Essential New Music: Mountain Movers’ “World What World”

Rock ‘n’ roll has a long history of being demanding. “Gimme some good times,” beseeched Lou Reed. “Gimme danger,” snarled Iggy. “Gimme some truth,” cried John Lennon. “I wanna be sedated,” proclaimed the Ramones. The eighth album by Mountain Movers begins by adding another voice to the chorus. “I wanna see the sun,” sings guitarist Daniel Greene, “gimme some pleasure.” 

On World What World, the Connecticut quartet sounds like it’s sorely in need of some, trudging into audibility with what seems to be the weight of the world upon its collective back. Bassist Rick Omonte and drummer Ross Menze are in step with Greene, moving at a Crazy Horse-worthy stagger. Guitarist Kryssi Battalene’s molten leads course through and around the band’s accompaniment; sometimes she’s a river of lava singeing the rest of the group’s eyebrows, and the rest she’s the cherry-picker swiveling up and over them, enabling tracking shots of their uncertain progress. 

It’s a great opening gambit, but not one you want to repeat, so the foursome follows it up with a questing instrumental titled “Final Sunset” that further affirms both Battalene’s primacy and the essential propulsion that the rest of the band supplies her. Next up, “Then The Moon” serves further notice of the Movers’ grasp of rock ‘n’ roll history. The contrapuntal exchange between Omonte’s bass and Greene’s voice is straight out of the third Velvet Underground album. Why reinvent the wheel, they might ask, if you have this perfect thing at hand to get your rolling?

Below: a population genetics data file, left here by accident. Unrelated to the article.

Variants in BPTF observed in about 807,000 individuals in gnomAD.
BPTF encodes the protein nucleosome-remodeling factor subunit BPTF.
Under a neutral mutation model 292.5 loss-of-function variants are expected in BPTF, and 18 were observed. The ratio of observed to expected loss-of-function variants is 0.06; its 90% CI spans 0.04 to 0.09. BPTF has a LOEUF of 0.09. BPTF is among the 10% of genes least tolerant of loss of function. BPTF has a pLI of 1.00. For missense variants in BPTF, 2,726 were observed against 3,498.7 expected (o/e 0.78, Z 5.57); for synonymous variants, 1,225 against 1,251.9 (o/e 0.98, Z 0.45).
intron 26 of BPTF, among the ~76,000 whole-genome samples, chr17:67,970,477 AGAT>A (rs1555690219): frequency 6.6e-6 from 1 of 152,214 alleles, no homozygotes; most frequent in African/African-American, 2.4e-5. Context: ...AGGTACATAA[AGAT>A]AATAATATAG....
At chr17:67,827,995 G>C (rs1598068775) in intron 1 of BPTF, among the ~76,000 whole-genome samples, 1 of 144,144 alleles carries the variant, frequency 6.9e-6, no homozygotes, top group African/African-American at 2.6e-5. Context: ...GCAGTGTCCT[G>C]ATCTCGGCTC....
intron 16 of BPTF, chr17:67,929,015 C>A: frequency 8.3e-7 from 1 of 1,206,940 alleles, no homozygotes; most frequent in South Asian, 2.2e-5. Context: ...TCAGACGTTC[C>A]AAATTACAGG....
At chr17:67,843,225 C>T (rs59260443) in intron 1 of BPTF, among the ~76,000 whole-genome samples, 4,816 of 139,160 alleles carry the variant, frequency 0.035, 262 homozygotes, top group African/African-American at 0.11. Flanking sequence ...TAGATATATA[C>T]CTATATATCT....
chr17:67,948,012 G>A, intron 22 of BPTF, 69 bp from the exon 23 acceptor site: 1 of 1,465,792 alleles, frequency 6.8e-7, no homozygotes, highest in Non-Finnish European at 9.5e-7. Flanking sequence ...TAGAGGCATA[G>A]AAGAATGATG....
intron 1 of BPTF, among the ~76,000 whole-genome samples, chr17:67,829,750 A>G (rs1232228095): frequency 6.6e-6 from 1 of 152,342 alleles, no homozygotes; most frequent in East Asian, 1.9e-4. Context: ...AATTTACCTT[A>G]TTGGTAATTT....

But Greene’s lyrical focus, if anything, is on what lies ahead, and it’s not a hopeful vision. The album-ending “Flock Of Swans” depicts a world where the stores and hospitals are all shut down, with people huddling in basements. It falls to the closing guitar duel between Battalene and Greene to purge the horror. Maybe there’s still room, at least in these songs, for people’s lives to be saved by rock ‘n’ roll.

—Bill Meyer